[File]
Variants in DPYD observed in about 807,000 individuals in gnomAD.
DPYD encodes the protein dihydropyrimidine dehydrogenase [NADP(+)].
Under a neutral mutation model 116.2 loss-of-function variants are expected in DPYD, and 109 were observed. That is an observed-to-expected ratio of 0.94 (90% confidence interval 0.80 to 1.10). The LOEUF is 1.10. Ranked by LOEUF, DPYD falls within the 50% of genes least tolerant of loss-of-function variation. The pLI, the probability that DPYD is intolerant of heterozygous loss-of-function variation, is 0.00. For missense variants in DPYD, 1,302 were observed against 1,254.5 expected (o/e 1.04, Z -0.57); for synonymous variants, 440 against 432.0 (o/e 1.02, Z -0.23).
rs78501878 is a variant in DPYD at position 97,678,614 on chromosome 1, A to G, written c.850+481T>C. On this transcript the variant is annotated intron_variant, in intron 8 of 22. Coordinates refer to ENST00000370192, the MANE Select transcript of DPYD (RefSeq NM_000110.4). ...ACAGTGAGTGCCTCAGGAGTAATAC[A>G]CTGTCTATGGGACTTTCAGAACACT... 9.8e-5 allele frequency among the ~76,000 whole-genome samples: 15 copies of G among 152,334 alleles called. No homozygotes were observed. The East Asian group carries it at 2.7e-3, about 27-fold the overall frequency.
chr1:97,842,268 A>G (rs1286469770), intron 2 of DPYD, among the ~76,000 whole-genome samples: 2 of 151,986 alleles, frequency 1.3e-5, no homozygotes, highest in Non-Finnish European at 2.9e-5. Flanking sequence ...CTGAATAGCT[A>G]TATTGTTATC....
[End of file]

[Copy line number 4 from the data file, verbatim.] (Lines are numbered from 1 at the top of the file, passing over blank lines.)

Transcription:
rs78501878 is a variant in DPYD at position 97,678,614 on chromosome 1, A to G, written c.850+481T>C. On this transcript the variant is annotated intron_variant, in intron 8 of 22. Coordinates refer to ENST00000370192, the MANE Select transcript of DPYD (RefSeq NM_000110.4). ...ACAGTGAGTGCCTCAGGAGTAATAC[A>G]CTGTCTATGGGACTTTCAGAACACT... 9.8e-5 allele frequency among the ~76,000 whole-genome samples: 15 copies of G among 152,334 alleles called. No homozygotes were observed. The East Asian group carries it at 2.7e-3, about 27-fold the overall frequency.